An interactive dialogue with the Rapporteurs followed the report’s presentation, and several States – including Norway, Egypt and Ireland – reiterated the responsibilities of business. Whilst a broad range of States – including Costa Rica, Turkey and Tunisia – acknowledged the report’s importance, others used their interventions to emphasise the responsibilities of protesters. In response to Russia, Botswana and Cuba amongst others, Mr Heyns was clear: ‘Rights come before responsibilities. The report does not challenge that responsibilities are an inherent component of human rights, but one must come before the other.’ Maina Kiai underlined that ‘requiring authorisation for a protest dilutes a right to a mere privilege’.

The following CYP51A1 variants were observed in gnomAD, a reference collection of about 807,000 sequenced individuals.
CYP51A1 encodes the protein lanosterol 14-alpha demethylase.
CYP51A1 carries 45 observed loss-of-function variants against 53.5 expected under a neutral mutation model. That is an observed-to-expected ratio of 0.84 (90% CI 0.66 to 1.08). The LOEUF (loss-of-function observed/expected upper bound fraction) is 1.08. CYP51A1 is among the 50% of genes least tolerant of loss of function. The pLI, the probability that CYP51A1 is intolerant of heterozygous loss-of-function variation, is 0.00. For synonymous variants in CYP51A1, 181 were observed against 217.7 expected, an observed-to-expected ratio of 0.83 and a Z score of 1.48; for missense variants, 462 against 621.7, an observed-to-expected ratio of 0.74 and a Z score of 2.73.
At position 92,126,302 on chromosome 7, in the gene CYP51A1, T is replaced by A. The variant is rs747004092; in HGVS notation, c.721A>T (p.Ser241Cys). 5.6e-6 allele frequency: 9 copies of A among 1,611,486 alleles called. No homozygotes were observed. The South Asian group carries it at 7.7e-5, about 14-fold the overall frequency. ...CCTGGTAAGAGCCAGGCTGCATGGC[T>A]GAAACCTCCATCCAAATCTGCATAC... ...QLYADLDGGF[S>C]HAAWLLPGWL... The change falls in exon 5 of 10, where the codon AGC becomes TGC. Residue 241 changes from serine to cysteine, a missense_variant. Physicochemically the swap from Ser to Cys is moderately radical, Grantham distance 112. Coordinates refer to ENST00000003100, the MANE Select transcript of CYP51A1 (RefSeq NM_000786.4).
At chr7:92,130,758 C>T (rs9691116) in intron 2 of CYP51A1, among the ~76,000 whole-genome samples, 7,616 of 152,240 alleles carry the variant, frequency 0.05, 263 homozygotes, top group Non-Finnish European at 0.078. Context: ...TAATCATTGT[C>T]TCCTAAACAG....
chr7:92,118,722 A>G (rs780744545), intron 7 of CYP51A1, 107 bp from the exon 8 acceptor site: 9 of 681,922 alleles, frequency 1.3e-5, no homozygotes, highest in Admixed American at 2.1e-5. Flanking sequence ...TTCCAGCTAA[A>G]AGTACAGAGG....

ISHR’s statement reiterated that free assembly is a vital component of a safe and enabling environment for human rights defence, and highlighted how vague laws such as the Ley de Tumulos in Guatemala, repressive clampdowns on protest such as in Gezi Park in Turkey, and the imprisonment of protesters such as the Bahrain 13 are being used to hamper the work of human rights defenders.


ISHR welcomed the report’s emphasis on the responsibilities of business. ‘We hear increasingly of abuses by private security firms against protesters, as well as strategic lawsuits against public participation brought by companies and the enactment, by States, of laws which specifically target and restrict protests against business operations,’ said ISHR’s Ben Leather. ‘States should take heed of the recommendations made in the report to reverse these trends’.

For other posts on this topic:

Source: UN experts launch practical advice on management of protests | ISHR

Berta Cáceres death may lead to reconsidering financing of Agua Zarca dam

March 16, 2016